Skip to main content

Thought for the Day: Incredible Shidduch Question Answered From Bava Kama and Sukkah

A rabbi, priest, and imam walk into a bar; the bartender says, "What is this... a joke?"

That is, but the following ma'aseh really happened (as elucidated by R' Fuerst; Shiduchim, Incredible But True Shailos).  Shimon was upset with Reuven and wanted to take revenge.  (That's forbidden, of course; but sometimes Jews do things they shouldn't, unfortunately.)  Shimon approached Reuven and told him he had a wonderful shidduch for him.  The girl was amazing and her family had already done all their checking; they were ready to go forward to make a shidduch with Reuven.  The "proposed shidduch" (in quotes because Shimon had not, of course, spoken with anyone) was very attractive to Reuven, who did his checking very quickly and went back to Shimon to ask him to proceed.  Shimon was over the moon, his plan to embarrass Reuven was going better than he hoped.  Reuven told Shimon (after waiting enough time to keep Reuven from suspecting anything fishy) that all was arranged, he should be at the girl's home at 8:00PM the next evening.

Promptly at 8:00PM the next evening, Reuven shows up at the girls house.  Her father answered the door, Reuven introduced himself, and the father (who obviously had no clue what was happening) asked, "Are you sure you have the right house?"  "Oh, yes," said Reuven, "Shimon confirmed all the details with me."  Now the father (a ben torah himself) chahped what was going on and invited Reuven to join him in the living room.  The father didn't have a complete plan, but wanted to minimize any embarrassment to Reuven.  After speaking with Reuven for some time, he realized that this takah was a good shidduch!  The father explained that there had been a miscommunication and they thought the date had been set for the next night; he apologized profusely and asked if Reuven could come back the next night when his daughter would be prepared.  Reuven was happy to comply.  The date happened, the shidduch was made; Mazal Tov!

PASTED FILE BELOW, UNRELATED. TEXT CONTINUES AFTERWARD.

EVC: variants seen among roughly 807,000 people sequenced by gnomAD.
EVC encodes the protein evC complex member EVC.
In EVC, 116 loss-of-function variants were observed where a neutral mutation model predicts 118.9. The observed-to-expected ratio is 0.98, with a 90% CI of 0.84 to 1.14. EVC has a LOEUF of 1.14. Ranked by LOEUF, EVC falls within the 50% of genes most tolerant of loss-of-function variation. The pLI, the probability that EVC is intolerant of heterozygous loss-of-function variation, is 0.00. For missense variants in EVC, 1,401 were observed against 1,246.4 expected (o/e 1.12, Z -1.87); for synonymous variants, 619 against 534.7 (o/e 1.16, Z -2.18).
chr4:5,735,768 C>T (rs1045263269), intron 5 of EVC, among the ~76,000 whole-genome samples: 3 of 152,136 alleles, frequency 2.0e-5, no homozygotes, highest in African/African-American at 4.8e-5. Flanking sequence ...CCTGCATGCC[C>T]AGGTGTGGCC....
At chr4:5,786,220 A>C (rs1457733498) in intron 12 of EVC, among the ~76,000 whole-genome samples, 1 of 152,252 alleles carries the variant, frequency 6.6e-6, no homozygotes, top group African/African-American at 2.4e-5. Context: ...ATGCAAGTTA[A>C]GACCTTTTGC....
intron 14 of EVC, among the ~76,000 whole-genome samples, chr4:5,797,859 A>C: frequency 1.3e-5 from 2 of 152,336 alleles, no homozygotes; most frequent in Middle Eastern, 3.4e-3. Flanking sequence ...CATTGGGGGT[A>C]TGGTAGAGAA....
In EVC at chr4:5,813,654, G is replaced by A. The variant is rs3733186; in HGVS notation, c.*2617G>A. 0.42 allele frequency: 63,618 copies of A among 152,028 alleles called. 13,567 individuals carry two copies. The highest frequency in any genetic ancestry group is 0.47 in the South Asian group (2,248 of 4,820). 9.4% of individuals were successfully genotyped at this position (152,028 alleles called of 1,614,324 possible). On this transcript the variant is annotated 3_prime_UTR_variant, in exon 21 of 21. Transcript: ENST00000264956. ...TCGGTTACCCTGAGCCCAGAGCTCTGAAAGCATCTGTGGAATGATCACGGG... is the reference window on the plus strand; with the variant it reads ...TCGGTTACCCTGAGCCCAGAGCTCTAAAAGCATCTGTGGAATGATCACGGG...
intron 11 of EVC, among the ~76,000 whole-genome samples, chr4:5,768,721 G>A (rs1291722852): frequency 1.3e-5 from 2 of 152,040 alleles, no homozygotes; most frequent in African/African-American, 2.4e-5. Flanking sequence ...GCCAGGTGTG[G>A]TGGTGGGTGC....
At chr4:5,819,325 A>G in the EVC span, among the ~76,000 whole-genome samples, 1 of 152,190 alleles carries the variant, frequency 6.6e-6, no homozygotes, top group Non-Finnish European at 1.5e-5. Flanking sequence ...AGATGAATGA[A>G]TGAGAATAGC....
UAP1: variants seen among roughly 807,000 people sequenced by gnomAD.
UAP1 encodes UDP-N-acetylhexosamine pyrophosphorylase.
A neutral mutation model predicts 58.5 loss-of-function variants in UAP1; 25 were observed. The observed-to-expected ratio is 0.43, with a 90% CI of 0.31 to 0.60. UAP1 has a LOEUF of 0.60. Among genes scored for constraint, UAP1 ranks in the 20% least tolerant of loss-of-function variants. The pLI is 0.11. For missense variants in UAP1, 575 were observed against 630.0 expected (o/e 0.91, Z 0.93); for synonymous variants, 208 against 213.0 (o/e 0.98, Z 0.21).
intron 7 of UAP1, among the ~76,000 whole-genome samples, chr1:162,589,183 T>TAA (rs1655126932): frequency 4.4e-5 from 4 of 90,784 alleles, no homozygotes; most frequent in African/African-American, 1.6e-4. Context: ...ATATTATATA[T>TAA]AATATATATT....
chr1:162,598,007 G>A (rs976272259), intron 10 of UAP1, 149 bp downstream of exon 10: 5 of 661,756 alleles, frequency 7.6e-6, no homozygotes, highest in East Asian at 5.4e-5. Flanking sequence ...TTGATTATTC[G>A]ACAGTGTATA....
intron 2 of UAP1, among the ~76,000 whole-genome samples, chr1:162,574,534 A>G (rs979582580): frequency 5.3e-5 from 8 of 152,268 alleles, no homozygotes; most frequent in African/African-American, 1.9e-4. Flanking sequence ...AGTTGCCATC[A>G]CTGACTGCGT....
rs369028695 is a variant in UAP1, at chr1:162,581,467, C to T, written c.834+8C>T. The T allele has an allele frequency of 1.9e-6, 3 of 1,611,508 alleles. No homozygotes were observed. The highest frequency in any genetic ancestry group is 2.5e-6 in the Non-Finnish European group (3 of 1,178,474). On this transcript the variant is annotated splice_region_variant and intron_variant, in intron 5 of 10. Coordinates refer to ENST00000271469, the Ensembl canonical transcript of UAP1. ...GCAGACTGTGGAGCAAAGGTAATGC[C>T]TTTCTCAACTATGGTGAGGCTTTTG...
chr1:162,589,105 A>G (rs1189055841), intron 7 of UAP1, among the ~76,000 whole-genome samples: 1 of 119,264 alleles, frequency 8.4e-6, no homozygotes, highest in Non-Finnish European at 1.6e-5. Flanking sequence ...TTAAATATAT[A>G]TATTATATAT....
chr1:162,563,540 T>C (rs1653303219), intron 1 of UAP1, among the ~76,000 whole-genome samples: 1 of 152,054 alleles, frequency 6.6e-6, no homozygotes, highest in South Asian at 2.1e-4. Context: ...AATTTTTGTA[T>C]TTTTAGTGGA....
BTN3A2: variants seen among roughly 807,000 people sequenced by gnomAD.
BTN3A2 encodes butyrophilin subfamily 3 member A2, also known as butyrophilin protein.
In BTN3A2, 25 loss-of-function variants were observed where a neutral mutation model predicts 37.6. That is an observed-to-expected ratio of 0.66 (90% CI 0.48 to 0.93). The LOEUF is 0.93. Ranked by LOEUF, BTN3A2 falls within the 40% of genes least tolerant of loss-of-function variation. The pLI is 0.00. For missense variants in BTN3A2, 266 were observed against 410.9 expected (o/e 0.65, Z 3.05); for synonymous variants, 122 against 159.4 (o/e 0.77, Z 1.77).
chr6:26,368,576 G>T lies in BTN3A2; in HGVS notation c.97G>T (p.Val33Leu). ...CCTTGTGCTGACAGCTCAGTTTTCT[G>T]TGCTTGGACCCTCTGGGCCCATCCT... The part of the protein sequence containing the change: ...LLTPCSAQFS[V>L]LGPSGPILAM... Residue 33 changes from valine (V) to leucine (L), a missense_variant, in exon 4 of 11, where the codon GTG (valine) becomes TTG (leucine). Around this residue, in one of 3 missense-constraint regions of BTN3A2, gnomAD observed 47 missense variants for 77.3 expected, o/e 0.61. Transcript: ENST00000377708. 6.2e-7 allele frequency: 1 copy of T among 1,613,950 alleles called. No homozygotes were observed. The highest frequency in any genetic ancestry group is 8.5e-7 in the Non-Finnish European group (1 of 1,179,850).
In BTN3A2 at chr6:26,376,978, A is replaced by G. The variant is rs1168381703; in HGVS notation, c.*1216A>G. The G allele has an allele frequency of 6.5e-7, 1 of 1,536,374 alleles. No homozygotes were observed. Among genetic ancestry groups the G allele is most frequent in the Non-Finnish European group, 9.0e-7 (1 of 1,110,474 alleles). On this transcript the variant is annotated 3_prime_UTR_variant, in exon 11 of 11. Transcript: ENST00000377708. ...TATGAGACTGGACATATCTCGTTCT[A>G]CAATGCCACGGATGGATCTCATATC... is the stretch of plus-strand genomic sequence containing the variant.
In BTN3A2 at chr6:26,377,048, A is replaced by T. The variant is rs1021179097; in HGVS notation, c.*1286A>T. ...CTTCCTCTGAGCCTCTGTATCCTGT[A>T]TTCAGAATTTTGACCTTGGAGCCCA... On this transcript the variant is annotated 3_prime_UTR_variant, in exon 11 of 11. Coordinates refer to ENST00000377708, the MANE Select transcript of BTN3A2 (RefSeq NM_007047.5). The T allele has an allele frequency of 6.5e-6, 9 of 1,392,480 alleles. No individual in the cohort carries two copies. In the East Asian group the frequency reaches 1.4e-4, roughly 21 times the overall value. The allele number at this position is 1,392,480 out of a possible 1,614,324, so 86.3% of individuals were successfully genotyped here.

What's the sh'eila?  Shimon wanted shadchanus.  (Not forbidden, a chutzpah, but not forbidden.)  After the discussion calmed, R' Fuerst made another of his classic remarks.  "As with many things, but especially with Choshen Mishpat, there's what you think and what the Torah thinks.  Let's check what the poskim have to say about it."

The first source was a mishna in Bava Kama.  If someone Yehuda leaves his fruit/produce in a public thoroughfare, and Asher somehow damages the food, then Asher is patur from paying damages because it was left in a public arena.  If, however, Asher's ox ate the fruit, then he must pay for the benefit he received.  After all, he needs to feed his ox anyway, so that money that he would have paid someone else now goes to Yehuda.  If Asher would have fed his ox barley and Yehuda box contained (much more expensive) wheat, though, Asher is only obligated to pay barley prices for the food eaten.  Since Reuven would have had to pay shadchanus to someone, therefore, it would seem he is obligated to pay that money to Shimon.  (Only whatever the lowest going rate is, of course.  Also, nothing is owed from the father since Shimon never actually discussed the shidduch with him.)

That's not the final word, though.  There is a gemara at the end of Sukkos that the nations of the world will come to HaShem in the end of days and demand reward for helping Klal Yisrael; after all, they built roads, market places, and whole cities; all of which ended up aiding the Jews.  HaShem will answer them back, saying, "Rasha'im!  You did it all for yourselves.  The fact that it turned out well for my Klal Yisrael was not your intent; in fact, you wanted the opposite!"  We same the same thing here.  Shimon's intent was to harm Reuven; the fact that it turned out well for Reuven is not due to Shimon's efforts, but to the fact that HaShem runs the world.  If shadchanus is owed to anyone, it's to HaShem.